• BrentBot Salt Lake City, UT
    June 28, 2013 12:15 p.m.

    Humans were given 100,000 spiral neurons to give them moral reasoning. Animals do not have these and only have instinct. If people act like animals, they should be locked up like animals.

  • Eliot Santaquin, UT
    June 28, 2013 12:19 p.m.

    I think the author's point was very clear. His point is summarized beautifully in the last sentence of the article, "Instead, we should rise to the highest of what it means to be human, and herald the virtue [of] self-governance to give the best in us to our children." In other words, we should demonstrate through what we do and say that fidelity to marriage vows is the wisest course so that our children will emulate our behavior, giving them the best chance for happiness. No where in the article is there the remotest suggestion of punishing adulterers.

  • Che26 SALT LAKE CITY, UT
    June 28, 2013 12:25 p.m.

    For many many many years the leadership of the LDS Church has stated that the traditional family is under attack. For a long while I did not understand what they meant. I believed them, but I guess I hadn't seen this attack first hand.

    This past years the blinders have come off and now I see when I once was blind.

    Who would have guessed 15+ years ago (When the Proclamation to the Family was released) that homosexuality would be considered natural and monogamy would be considered unnatural. Did anyone see the MSNBC commercial telling parents to not see their children as their own, but as the communities children?

    We need to stand up and defend our families from these direct and frontal attacks. If we don't defend them who will?

  • Jim Cobabe Provo, UT
    June 28, 2013 12:26 p.m.

    Rather begs the question. I think we must survey the lions to determine if they really love the ones they eat. I suspect that if they could fill out a survey form, lions would enthusiastically vote in support of this idea, although that may not exactly convey every nuance of the intended meaning.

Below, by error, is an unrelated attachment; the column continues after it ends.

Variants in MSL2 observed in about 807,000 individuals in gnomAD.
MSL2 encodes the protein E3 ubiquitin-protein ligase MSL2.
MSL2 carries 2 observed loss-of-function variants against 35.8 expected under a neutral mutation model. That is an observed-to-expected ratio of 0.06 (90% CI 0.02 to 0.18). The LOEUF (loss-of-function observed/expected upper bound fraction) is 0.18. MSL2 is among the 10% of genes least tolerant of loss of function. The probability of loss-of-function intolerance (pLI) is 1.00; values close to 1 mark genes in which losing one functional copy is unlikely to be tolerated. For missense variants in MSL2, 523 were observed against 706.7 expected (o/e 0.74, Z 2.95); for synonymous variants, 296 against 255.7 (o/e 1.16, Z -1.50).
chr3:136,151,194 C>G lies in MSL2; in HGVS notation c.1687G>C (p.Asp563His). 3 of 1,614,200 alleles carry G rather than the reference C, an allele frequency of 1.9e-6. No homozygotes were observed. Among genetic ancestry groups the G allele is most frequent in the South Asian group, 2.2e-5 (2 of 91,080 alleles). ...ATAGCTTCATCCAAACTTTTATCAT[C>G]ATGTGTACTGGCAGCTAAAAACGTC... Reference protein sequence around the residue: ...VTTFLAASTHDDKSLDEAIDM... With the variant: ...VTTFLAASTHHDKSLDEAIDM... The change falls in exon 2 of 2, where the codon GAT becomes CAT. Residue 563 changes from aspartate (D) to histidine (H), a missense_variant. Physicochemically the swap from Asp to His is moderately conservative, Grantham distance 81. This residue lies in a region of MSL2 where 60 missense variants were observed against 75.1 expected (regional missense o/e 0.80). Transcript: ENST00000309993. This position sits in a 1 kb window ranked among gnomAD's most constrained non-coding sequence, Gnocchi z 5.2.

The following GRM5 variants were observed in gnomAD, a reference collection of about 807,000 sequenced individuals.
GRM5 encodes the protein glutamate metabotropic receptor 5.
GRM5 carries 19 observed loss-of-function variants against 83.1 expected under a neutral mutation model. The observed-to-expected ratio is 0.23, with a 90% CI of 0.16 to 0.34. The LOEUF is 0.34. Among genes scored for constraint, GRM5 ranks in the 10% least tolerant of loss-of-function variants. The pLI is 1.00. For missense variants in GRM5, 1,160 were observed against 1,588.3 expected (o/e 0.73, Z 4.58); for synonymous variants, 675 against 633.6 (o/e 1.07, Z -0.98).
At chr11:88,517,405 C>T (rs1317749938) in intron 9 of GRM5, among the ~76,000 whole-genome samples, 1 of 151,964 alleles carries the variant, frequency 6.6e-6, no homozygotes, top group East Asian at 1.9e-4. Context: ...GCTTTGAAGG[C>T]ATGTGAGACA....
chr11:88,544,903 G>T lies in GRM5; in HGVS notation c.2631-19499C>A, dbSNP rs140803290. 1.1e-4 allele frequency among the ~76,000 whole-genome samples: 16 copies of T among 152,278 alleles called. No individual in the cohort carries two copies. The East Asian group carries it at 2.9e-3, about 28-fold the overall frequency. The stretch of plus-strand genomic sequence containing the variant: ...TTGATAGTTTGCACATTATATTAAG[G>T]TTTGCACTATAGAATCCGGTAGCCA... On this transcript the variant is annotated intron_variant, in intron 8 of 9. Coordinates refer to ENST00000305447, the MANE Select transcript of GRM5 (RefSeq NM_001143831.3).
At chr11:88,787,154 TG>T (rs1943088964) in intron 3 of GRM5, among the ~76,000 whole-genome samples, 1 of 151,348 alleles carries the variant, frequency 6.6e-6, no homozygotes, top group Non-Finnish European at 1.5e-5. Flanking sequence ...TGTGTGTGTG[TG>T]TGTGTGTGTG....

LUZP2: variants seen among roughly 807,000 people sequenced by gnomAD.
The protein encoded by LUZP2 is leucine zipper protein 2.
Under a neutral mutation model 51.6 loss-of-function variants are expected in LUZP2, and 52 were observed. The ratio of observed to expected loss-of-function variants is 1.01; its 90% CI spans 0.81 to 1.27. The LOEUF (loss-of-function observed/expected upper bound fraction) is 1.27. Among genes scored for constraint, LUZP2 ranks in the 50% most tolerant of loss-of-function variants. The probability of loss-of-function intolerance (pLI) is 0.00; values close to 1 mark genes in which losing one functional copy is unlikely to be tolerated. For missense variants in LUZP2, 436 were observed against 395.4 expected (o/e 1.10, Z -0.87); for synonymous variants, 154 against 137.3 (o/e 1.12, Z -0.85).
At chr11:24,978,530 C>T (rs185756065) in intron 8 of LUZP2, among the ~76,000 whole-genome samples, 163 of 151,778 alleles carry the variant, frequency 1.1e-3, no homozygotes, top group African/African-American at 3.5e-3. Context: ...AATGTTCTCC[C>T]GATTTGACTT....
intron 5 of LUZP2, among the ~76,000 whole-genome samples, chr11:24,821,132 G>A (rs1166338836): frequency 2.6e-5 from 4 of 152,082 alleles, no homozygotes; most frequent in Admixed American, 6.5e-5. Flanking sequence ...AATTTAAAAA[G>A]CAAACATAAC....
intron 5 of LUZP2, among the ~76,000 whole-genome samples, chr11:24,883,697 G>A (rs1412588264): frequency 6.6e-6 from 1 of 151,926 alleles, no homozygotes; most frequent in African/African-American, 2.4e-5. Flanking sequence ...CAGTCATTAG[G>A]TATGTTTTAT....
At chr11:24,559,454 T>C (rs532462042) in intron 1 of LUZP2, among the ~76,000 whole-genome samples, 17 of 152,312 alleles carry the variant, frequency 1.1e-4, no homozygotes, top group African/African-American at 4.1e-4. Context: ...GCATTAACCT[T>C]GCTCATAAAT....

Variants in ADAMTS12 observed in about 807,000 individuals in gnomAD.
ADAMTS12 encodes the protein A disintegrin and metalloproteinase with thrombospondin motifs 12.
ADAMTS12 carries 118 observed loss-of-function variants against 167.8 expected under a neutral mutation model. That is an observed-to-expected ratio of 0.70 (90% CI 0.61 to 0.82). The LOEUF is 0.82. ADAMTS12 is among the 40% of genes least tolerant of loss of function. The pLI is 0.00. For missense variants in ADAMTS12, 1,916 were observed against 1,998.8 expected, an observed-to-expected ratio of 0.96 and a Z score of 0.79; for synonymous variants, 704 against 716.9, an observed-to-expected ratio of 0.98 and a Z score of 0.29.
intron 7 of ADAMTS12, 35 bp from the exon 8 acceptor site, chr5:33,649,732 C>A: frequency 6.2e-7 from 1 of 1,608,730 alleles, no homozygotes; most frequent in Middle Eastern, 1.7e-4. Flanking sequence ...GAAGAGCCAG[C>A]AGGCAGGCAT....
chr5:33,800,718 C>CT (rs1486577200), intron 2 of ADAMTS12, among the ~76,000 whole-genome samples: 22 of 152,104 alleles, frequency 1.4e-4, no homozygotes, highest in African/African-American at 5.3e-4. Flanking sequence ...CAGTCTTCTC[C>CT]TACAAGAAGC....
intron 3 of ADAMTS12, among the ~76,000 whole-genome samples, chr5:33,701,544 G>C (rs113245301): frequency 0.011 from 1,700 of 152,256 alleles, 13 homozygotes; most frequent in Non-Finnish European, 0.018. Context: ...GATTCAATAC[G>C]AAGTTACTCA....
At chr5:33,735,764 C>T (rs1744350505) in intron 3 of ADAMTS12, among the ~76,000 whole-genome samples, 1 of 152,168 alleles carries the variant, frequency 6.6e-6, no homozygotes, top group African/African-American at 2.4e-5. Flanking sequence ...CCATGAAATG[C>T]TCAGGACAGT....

• FatMan86 West Jordan, UT
    June 28, 2013 12:27 p.m.

    Interesting how Laslocky's focus is on the offending party and how they feel about themselves after cheating. And of course we can't get thru a topic like this without pro and anti religion bashing everywhere.

    What if this issue isn't about religion or morals or standards? Maybe it should be about who is getting hurt, and whether or not a selfish married offender (animal or not) is justified in hurting an innocent spouse or innocent children. Is that really OK on any level? I guarentee if you've ever been the innocent victim of a cheating spouse or parent, you'll see this a whole lot differently than someone who hasn't live through that.

  • J Thompson SPRINGVILLE, UT
    June 28, 2013 12:50 p.m.

    Where do "rules" come from? Are they just the ideas of the society in which we live, or, are they much more than that? Were they given to mankind by their maker so that mankind would not destroy themselves or the societies in which we live? We accept that animals were "imprinted" with "instincts" that control their lives, but, many claim that they somehow came to life without any "instincts" "imprinted" in them. Isn't that a little strange, that the Creator would help his animal creations, but that He would ignore the highest form of life that he Created?

    Are we free to change those rules to suit the wishes of society, or should we hold on to those rules, knowing that anyone intelligent enough to create us just might be intelligent enough to tell us what we can and cannot do?